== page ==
Sarcos Technology and Robotics Corporation received $1.9 million from the U.S. Dept. of Energy to develop the robotics system, which delivers, detects, lifts and places photovoltaic modules in the field. (Courtesy: Sarcos)
A US robotics company aiming to streamline solar power plant construction using autonomous machines said it achieved the final validation of the technology in the field.
Sarcos Technology and Robotics Corp. received $1.9 million from the Department of Energy to develop the robotics system, which delivers, detects, lifts and places photovoltaic modules in the field.
The company is attempting to reduce a project’s so-called soft costs, like labor, to allow crews to build projects faster or increase a project’s size using the same crew. Benefits of automated plant construction could also include fewer injuries and improved project timelines, it said.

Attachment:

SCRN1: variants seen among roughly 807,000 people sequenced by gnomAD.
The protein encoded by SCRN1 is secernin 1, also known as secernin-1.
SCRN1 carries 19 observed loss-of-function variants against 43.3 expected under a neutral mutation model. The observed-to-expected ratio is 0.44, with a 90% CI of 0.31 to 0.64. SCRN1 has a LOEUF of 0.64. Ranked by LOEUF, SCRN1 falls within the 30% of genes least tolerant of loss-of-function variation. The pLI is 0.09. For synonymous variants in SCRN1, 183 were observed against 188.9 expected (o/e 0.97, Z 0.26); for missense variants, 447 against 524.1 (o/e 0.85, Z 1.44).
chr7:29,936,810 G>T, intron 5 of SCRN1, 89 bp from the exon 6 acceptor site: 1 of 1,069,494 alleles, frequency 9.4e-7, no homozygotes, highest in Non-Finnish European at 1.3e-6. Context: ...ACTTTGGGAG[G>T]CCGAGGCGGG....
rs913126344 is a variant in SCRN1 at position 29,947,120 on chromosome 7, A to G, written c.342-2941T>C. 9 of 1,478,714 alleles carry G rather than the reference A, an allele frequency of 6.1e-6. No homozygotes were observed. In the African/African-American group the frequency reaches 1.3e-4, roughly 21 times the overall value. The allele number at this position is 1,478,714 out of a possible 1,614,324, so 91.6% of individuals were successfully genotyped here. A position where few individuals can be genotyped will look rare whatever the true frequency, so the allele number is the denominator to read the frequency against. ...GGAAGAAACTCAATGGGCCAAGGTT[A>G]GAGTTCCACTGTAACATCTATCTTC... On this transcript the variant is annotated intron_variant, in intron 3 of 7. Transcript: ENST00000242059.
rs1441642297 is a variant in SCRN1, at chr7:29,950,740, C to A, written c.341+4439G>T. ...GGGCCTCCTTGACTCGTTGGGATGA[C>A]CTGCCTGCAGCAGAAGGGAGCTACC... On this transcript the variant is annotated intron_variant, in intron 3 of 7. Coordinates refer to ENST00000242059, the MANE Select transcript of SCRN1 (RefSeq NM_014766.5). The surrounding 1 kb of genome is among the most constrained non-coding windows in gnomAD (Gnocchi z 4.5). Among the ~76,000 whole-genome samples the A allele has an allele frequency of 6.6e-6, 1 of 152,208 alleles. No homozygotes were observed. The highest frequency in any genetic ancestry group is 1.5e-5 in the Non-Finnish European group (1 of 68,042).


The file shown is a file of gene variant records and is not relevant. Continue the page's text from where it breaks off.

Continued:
Jorgen Pedersen, Sarcos’ chief operating officer, told Renewable Energy World that productivity gained by incorporating the technology into solar power plant construction will vary depending on the specific EPC and project location. He said cost savings will also vary, but “are expected to be significant.”
Sarcos said it intends to conduct further field testing this year to validate its preliminary cost-saving analysis.
Sarcos collaborated with Mortenson, a developer and EPC, as well as tracker supplier Array Technologies, robotics firm Pratt Miller, and JLG Industries, which manufactured the mobile elevating work platform. The field testing was done at a Mortenson project.
Sarcos said it expects to commercially launch its robotic solar field construction solution in 2024.